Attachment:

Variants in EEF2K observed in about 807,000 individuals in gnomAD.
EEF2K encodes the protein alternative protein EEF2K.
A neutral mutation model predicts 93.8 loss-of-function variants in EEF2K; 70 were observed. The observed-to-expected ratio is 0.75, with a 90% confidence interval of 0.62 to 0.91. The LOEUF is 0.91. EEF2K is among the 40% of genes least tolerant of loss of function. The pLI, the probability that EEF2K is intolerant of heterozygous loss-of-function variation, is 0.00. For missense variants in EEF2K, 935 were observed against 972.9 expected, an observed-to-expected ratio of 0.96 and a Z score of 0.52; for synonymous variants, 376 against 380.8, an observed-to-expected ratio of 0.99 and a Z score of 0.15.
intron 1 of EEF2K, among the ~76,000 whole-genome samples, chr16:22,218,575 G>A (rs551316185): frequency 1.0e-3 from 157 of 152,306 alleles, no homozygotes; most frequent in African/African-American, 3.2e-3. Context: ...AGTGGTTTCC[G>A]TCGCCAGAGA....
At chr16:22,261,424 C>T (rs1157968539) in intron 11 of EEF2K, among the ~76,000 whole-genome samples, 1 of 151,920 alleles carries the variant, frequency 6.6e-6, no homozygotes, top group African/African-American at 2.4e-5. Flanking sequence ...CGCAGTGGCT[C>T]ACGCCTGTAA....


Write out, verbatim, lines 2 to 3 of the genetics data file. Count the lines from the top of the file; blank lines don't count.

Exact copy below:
EEF2K encodes the protein alternative protein EEF2K.
A neutral mutation model predicts 93.8 loss-of-function variants in EEF2K; 70 were observed. The observed-to-expected ratio is 0.75, with a 90% confidence interval of 0.62 to 0.91. The LOEUF is 0.91. EEF2K is among the 40% of genes least tolerant of loss of function. The pLI, the probability that EEF2K is intolerant of heterozygous loss-of-function variation, is 0.00. For missense variants in EEF2K, 935 were observed against 972.9 expected, an observed-to-expected ratio of 0.96 and a Z score of 0.52; for synonymous variants, 376 against 380.8, an observed-to-expected ratio of 0.99 and a Z score of 0.15.